From Communism to Capitalism – How Family Firms Transformed Poland

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Capitalism that is driven by private enterprise and self-balancing markets, as world history shows, has evolved over centuries and has been flexible enough to fit various cultural systems. Centrally controlled economies were established in Eastern Europe and in parts of Asia as a brutal political experiment in the late 1940s. At the foundation of this economic system lay the suppression of private enterprise and the exile of capital owners. For almost half a century industrial private property was banned in all Eastern European states, yet in some countries, including Hungary and Poland, small craftsmanship and small plot farming were tolerated.

Even if initially nobody said it: freeing entrepreneurial initiatives and granting legal guarantees to private property meant restoring the basic preconditions for capitalism. When in 1989 the first post-communist government declared the freedom of economic life, thousands of Poles launched their enterprises investing their savings and borrowings in start-ups. Soon the number of private enterprises increased almost from zero to 0.5m entities and in the late 1990s, it reached 2,5 m registered firms which, for obvious reasons, predominantly were small and very small. The number of firms in Poland oscillates around 3 million, creating a relatively dense entrepreneurial tissue.

Initially, most of these newly founded enterprises were active in retail and wholesale trade. They have dominated this sector easily as the government policy dismantled the large state-owned internal and foreign trade companies. Small trade firms were facilitated by the privatisation of real estate in urban centers and other localities.

After a period of rapid expansion of the private sector, the beginning of the 21st century brought a time of qualitative growth and differentiation of private business activities with larger privately founded companies active in all areas of the economy.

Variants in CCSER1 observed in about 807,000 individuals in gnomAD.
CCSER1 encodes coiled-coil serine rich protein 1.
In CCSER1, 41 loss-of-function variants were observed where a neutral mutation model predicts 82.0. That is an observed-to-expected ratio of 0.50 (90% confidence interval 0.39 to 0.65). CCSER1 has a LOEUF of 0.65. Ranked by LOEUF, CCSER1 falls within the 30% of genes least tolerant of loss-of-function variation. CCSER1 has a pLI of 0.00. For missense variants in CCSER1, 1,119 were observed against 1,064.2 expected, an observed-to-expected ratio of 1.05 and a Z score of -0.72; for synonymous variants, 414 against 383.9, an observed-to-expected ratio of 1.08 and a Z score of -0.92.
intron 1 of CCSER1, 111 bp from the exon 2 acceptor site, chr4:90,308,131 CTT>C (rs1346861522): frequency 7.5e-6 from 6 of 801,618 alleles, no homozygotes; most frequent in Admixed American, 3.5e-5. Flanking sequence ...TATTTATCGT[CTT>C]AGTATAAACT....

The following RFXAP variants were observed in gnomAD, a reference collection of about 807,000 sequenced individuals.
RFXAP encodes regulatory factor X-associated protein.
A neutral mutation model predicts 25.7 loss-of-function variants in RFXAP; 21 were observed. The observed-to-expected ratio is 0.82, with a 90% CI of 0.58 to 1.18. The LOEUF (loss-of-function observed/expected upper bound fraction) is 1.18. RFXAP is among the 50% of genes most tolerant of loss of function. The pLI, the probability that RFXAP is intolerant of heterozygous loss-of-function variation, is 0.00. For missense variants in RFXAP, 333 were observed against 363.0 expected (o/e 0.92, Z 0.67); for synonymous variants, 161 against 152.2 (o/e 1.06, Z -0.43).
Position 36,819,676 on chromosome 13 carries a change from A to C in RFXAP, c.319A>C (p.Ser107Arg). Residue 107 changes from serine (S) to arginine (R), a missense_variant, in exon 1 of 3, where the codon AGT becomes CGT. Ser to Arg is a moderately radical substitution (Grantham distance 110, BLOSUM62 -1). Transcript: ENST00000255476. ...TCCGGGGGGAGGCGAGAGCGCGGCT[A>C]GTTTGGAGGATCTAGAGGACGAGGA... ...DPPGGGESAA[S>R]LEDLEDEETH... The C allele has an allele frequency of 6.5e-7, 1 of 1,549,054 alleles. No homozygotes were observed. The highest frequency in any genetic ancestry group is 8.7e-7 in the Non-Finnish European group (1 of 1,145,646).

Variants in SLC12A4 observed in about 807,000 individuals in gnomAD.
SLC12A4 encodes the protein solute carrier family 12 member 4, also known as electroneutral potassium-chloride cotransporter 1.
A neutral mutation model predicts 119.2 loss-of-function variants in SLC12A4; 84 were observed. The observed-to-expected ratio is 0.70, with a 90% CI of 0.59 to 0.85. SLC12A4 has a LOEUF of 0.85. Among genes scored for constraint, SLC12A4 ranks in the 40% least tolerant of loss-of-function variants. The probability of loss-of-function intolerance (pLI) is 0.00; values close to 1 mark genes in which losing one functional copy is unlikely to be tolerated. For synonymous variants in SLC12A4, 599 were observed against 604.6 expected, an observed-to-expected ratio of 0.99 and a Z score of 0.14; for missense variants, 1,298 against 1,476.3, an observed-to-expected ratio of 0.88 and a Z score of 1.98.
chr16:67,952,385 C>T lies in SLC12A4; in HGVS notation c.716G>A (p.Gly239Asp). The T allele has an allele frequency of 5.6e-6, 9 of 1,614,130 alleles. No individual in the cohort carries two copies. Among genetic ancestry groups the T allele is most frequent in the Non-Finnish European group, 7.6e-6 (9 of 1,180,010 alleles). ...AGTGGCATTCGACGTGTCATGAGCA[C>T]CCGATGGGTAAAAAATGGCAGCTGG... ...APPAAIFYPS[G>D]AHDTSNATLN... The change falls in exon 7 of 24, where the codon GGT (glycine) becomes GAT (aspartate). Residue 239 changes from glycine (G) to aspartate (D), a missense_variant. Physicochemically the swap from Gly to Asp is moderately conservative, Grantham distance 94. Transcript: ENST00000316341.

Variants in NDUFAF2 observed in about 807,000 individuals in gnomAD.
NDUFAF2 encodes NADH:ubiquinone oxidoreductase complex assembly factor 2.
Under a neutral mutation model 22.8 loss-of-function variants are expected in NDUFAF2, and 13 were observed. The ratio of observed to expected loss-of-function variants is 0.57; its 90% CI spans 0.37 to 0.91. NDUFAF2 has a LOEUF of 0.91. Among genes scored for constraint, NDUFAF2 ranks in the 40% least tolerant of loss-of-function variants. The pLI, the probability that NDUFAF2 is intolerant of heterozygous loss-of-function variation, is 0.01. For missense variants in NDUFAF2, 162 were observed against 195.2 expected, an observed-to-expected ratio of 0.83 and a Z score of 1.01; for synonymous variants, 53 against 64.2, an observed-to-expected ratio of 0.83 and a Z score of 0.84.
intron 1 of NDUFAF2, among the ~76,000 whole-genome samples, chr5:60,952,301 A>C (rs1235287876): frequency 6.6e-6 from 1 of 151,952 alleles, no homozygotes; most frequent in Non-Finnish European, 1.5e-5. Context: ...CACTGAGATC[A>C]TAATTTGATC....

Poland and its family firms

It is not an exaggeration to say that family firms have been crucial in the successful rebirth of Polish capitalism, although this fact has not been widely recognised. In fact, in a traditional society such as that of Poland, the family is the main source of financial and manpower support for almost all entrepreneurial activities. Thus, if 97% of all existing businesses are small firms created by entrepreneurs with the support of their families, they are in effect, family firms. Being de facto family firms, the Polish private enterprises have learned to recognise themselves as such. If in 2001 just 13% of small firms defined themselves as family firms. By now this percentage approaches 40%, being still smaller than the EU average with 71% of small firms calling themselves family firms.

The growing visibility of family firms in Poland has three drivers: Firstly, some large privately owned companies (like Fakro of the Florek family, Koral of the Koral family or Wisniowski of the Wisniowski family), have started to identify their family legacy which has encouraged others to follow suit. Secondly, the passage of time has forced the founders to prepare the enterprises for the succession of management and ownership and these circumstances have required taking into consideration the relationship between family and enterprise. Thirdly, the Polish government supports awareness programs aimed to encourage entrepreneurs to anticipate their retirement or exit in such a way as to preserve the public value of the company. The combination of these factors provides an increasing visibility to the reality of family firms in Poland.

The number of family firms in Poland and their economic weight is largely a matter of definition, but one can say, following the estimates of Lukasz Sulkowski that “family businesses are about 50% of all business entities, and that they generate about 40% of GDP, generating about 50% of all workplaces”.

The importance of family firms becomes apparent when one looks at the leading businesses in all sectors of the economy, except in energy production. For instance, Comarch – the leading software engineering firm is a property of the founder Janusz Filipiak and his family, Mokate – a leader in the production of cocoa and coffee drinks is the business of Mokrysz family; ES-System K – the fast growing refrigeration equipment producer was founded and is controlled by the Konsor family; Inglot cosmetics was launched and is developed by the Inglot family; Inpost – the biggest independent nationwide postal service provider was found by the Brzóska family; the largest producer of windows in plastics Oknoplast, was created and developed by the Placek family. And these are only a few of many examples.

If small family firms are omnipresent, the new and important economic phenomenon in Poland are medium- and large-sized family-owned companies. Their performance has become an important consideration to the country’s economy. These companies have acquired some scale, organisational complexity, became professionalised in management and are capable of becoming important players in larger business operations. Some of them, like for instance Buma Construction Group and Inglot, have smoothly passed through the succession of management and ownership although hit by the sudden deaths their founders and main shareholders.

In one generation the principles and the main actors of the Polish economy have been entirely reversed and the country has moved from the central command and impersonal state ownership to the market rules with family-faced identity capital.